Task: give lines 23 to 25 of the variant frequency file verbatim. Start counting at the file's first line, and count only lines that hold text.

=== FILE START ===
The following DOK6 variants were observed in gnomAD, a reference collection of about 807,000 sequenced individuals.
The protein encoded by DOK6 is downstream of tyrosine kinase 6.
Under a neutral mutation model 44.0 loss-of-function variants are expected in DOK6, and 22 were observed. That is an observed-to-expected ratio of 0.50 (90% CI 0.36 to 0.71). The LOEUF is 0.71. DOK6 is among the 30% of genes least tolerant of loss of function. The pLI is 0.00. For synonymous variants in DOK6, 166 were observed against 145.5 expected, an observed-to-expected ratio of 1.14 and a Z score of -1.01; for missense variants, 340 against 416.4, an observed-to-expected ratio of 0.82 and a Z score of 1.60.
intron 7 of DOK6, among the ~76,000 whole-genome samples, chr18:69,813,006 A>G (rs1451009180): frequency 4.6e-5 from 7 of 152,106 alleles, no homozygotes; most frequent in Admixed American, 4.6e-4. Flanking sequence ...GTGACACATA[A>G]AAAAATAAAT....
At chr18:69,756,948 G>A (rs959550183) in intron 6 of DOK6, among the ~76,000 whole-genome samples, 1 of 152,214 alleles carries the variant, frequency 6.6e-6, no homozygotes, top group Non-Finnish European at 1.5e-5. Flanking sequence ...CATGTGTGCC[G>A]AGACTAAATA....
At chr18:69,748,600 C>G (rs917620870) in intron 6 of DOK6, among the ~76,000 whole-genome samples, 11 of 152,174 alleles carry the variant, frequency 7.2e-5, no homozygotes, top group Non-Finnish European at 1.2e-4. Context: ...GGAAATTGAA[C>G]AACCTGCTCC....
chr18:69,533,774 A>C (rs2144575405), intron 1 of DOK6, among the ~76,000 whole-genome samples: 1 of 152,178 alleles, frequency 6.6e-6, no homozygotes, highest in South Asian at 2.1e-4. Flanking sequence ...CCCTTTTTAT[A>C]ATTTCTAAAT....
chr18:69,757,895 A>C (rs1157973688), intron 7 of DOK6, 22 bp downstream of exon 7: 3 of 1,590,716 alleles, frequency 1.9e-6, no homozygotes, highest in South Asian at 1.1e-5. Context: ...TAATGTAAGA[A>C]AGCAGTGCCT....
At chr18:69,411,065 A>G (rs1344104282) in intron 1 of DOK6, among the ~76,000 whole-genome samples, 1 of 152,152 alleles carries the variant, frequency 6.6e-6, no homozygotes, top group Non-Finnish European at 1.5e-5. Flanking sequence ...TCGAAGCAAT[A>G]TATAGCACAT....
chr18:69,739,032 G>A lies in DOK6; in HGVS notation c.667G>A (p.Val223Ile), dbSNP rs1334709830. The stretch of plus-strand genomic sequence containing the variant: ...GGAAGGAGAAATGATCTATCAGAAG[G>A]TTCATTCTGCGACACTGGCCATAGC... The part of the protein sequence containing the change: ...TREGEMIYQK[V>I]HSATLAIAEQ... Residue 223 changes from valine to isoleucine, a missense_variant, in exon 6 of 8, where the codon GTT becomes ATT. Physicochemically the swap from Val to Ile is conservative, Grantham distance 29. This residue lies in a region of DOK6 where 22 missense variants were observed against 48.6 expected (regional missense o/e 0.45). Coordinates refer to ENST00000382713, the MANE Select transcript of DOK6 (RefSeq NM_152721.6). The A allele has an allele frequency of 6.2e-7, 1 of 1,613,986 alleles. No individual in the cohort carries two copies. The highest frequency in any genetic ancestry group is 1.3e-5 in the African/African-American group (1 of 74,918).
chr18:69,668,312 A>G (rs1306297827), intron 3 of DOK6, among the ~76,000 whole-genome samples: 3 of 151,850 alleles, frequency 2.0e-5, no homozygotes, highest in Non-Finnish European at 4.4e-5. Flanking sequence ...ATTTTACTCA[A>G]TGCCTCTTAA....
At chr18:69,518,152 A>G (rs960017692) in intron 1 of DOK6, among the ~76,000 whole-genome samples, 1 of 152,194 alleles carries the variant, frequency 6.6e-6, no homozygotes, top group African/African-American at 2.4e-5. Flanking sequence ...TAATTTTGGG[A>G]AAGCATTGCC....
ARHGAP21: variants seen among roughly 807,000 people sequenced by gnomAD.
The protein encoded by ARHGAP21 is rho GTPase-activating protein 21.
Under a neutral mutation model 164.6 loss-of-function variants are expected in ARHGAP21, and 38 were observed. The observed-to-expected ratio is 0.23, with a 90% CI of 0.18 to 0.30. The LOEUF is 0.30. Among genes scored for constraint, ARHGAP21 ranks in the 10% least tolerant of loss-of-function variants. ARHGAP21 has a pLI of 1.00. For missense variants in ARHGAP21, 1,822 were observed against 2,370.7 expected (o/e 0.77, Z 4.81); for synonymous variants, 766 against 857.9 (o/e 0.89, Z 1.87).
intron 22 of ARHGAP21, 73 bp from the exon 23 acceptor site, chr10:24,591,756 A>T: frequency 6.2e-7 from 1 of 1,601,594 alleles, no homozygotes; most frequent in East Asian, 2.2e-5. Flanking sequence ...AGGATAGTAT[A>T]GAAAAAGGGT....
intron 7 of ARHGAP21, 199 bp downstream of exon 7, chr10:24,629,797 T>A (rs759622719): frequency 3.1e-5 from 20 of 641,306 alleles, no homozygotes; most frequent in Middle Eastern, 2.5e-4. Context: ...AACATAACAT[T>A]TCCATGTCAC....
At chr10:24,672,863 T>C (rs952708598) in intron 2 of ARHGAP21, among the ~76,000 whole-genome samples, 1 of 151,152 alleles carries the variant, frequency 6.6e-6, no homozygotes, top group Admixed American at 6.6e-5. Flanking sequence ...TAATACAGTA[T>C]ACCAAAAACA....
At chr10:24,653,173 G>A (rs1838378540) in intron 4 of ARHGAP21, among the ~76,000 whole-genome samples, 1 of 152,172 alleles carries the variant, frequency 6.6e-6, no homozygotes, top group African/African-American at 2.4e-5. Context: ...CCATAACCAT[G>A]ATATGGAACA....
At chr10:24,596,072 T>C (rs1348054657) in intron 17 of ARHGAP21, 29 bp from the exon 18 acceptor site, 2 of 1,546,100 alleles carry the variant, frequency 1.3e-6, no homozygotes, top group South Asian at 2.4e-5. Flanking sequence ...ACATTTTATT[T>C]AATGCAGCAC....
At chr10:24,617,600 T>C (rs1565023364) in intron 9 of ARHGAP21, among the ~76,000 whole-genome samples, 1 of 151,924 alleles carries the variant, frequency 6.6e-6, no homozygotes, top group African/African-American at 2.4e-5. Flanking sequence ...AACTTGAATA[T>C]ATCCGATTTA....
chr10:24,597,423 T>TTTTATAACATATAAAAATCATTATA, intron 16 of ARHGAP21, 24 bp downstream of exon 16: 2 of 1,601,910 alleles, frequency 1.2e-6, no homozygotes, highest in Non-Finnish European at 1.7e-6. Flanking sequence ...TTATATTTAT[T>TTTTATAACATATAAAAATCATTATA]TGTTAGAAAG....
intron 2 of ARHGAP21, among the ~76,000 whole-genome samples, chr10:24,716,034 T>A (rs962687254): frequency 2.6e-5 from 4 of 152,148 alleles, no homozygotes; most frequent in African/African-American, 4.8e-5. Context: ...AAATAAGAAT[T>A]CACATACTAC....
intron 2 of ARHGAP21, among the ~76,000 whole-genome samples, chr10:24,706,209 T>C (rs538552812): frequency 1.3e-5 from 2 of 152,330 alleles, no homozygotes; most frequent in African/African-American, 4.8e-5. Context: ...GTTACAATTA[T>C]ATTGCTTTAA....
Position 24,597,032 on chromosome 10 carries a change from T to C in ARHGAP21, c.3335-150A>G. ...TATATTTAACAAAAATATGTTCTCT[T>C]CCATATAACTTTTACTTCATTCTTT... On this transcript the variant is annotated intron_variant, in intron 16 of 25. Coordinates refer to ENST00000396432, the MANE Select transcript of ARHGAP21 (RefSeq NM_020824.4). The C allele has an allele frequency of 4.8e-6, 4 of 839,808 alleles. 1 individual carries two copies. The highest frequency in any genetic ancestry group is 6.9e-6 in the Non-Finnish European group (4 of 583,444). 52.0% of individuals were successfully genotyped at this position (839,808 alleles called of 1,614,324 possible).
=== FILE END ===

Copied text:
intron 2 of ARHGAP21, among the ~76,000 whole-genome samples, chr10:24,716,034 T>A (rs962687254): frequency 2.6e-5 from 4 of 152,148 alleles, no homozygotes; most frequent in African/African-American, 4.8e-5. Context: ...AAATAAGAAT[T>A]CACATACTAC....
intron 2 of ARHGAP21, among the ~76,000 whole-genome samples, chr10:24,706,209 T>C (rs538552812): frequency 1.3e-5 from 2 of 152,330 alleles, no homozygotes; most frequent in African/African-American, 4.8e-5. Context: ...GTTACAATTA[T>C]ATTGCTTTAA....
Position 24,597,032 on chromosome 10 carries a change from T to C in ARHGAP21, c.3335-150A>G. ...TATATTTAACAAAAATATGTTCTCT[T>C]CCATATAACTTTTACTTCATTCTTT... On this transcript the variant is annotated intron_variant, in intron 16 of 25. Coordinates refer to ENST00000396432, the MANE Select transcript of ARHGAP21 (RefSeq NM_020824.4). The C allele has an allele frequency of 4.8e-6, 4 of 839,808 alleles. 1 individual carries two copies. The highest frequency in any genetic ancestry group is 6.9e-6 in the Non-Finnish European group (4 of 583,444). 52.0% of individuals were successfully genotyped at this position (839,808 alleles called of 1,614,324 possible).